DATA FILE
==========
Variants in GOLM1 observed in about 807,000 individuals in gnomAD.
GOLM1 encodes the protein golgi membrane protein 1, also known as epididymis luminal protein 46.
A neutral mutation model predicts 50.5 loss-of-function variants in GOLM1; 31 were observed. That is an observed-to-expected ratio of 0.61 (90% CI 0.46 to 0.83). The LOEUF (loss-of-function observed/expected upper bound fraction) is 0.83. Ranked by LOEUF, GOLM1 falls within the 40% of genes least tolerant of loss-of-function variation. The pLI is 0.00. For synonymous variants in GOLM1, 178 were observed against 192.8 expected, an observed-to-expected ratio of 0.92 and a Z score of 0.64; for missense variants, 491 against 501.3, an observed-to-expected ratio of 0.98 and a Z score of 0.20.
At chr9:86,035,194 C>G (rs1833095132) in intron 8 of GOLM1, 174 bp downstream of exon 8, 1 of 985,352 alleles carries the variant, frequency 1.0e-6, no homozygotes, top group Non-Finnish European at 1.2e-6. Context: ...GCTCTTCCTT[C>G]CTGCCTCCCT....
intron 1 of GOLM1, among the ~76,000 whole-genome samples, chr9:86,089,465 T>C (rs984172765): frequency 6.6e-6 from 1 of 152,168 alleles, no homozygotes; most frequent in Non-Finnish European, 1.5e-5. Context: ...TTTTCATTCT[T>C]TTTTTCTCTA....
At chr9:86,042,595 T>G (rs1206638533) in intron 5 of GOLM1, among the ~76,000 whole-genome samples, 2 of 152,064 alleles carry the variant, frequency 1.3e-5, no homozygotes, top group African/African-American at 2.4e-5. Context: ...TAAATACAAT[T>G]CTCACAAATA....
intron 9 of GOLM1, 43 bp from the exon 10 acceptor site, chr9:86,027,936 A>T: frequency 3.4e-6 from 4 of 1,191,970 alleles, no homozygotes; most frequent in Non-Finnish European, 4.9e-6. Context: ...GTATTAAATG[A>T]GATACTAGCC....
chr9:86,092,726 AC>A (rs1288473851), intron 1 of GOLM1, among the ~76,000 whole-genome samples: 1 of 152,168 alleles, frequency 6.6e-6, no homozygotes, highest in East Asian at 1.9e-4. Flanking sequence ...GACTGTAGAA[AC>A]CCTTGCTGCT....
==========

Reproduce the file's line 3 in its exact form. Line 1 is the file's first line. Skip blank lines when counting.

A neutral mutation model predicts 50.5 loss-of-function variants in GOLM1; 31 were observed. That is an observed-to-expected ratio of 0.61 (90% CI 0.46 to 0.83). The LOEUF (loss-of-function observed/expected upper bound fraction) is 0.83. Ranked by LOEUF, GOLM1 falls within the 40% of genes least tolerant of loss-of-function variation. The pLI is 0.00. For synonymous variants in GOLM1, 178 were observed against 192.8 expected, an observed-to-expected ratio of 0.92 and a Z score of 0.64; for missense variants, 491 against 501.3, an observed-to-expected ratio of 0.98 and a Z score of 0.20.